Museum of Geology
Dinosaur fossils, gold nuggets and much more!
Travel back in time to the Age of Dinosaurs— visit the Museum of Geology at the South Dakota School of Mines and Technology in Rapid City!
As visitors enter the Museum, the huge tusks of a mighty mammoth reach out from the wall and overlook the museum. Fascinating dioramas depict prehistoric animal life in the White River Badlands. No finer exhibit of Badlands fossils exists anywhere in the world! Fossils on display in this section include skeletons of Oligocene saber- toothed cats, a three- toed horse, small camels, and a mother oreodont.
Museum visitors also journey back in time to the Age of Reptiles. Sea life at the end of the dinosaur age was dominated by plesiosaurs and mosasaurs, which were giant, large- toothed marine reptiles. Skeletons from the Late Cretaceous period on display include the long- necked plesiosaur and the mosasaur, a ferocious meat- eating sea lizard that was “ king of the beasts” in the prehistoric seas that once covered central North America.
The skeleton of a duck- billed dinosaur, standing about 15 feet tall, overlooks the far end of the Museum. Nearby visitors can touch the legbone of an actual dinosaur. Other displays, which are just a small sample of the Museum’s extensive fossil collection, include a Triceratops skull, tracks made by dinosaurs, and the skull of a giant alligator— to name just a few!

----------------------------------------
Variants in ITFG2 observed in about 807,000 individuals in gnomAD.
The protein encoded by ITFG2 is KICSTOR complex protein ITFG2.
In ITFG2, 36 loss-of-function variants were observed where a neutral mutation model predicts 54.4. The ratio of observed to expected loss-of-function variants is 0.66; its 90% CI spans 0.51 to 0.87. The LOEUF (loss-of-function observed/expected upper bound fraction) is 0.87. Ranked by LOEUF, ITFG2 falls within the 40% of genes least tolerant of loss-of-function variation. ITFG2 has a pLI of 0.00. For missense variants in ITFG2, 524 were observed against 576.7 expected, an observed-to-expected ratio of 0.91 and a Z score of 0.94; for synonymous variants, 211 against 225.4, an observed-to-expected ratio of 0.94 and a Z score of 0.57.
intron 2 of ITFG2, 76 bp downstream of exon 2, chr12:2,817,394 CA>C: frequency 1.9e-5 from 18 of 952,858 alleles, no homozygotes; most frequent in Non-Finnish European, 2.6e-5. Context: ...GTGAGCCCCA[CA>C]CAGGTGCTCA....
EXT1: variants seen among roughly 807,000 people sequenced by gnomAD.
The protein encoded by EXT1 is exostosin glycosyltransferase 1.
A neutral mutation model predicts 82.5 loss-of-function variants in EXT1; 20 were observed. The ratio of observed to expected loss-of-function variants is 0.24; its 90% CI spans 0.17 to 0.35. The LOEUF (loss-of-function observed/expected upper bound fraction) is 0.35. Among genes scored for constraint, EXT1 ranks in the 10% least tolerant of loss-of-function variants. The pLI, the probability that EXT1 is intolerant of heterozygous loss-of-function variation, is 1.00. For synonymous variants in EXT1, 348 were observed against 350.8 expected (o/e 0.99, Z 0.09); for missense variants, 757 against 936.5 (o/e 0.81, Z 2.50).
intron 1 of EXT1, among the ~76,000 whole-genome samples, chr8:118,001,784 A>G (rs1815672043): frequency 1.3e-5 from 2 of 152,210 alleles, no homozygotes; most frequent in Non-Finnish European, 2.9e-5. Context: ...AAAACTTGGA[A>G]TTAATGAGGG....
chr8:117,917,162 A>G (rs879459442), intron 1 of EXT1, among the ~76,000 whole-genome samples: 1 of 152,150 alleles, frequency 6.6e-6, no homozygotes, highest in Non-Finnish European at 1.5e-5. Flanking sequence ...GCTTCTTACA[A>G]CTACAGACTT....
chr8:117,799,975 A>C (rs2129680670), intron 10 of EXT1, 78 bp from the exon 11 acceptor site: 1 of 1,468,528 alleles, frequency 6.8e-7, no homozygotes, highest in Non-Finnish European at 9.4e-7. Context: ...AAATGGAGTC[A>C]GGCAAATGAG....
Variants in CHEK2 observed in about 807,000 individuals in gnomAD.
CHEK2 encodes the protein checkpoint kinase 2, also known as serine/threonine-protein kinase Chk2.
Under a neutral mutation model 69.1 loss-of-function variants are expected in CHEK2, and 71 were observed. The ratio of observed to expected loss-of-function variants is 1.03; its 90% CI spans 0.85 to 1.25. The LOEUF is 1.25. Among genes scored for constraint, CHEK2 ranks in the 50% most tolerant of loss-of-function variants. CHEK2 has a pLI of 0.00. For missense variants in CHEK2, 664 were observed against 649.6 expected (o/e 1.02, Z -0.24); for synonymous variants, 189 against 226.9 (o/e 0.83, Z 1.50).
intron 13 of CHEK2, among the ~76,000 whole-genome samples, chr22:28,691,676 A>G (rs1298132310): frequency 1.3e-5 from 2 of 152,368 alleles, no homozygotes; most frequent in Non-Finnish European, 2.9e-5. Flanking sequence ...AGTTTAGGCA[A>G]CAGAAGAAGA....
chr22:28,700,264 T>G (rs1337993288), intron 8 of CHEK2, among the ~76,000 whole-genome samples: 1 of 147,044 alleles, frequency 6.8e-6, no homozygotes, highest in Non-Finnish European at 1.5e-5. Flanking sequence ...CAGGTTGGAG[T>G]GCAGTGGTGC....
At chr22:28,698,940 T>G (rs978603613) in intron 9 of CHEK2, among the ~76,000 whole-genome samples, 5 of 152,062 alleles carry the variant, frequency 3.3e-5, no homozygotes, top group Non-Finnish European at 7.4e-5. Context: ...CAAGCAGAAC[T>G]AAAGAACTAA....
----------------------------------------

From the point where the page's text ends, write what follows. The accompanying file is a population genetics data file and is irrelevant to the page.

Millions of people have enjoyed the Jurassic Park movie versions of Tyrannosaurus rex and other dinosaurs. The Museum of Geology features real Jurassic era dinosaur fossils, including the skull of a T rex, the giant carnivore that roamed the lands of prehistoric South Dakota.
For individuals whose appetite for paleontology is whetted by their visit, the Museum’s summer paleo field digs provide great opportunities to obtain authentic field experiences searching for and excavating fossils. The Museum’s faculty are actively engaged in identifying prehistoric life to help provide a better perspective for understanding that of present and future animals, as well as humans. Check with a Museum staff member for specific information about the summer paleontology program.
The Museum’s extensive rock and mineral collection is particularly fascinating to rock- hounds. Displays include gold samples, agates, meteorites, fluorescent minerals, fossil plants, marine invertebrates and other items collected from around the world and the Black Hills.
The Museum is free and open to the public seven days a week all year except holidays. To contact the Museum, call ( 605) 394- 2467 or toll- free, 1- 800- 544- 8162, ext. 2467.
Change photo caption to read: The Museum of Geology features many outstanding fossils of giant reptiles and dinosaurs.
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Devereaux Library. South Dakota School of Mines and Technology.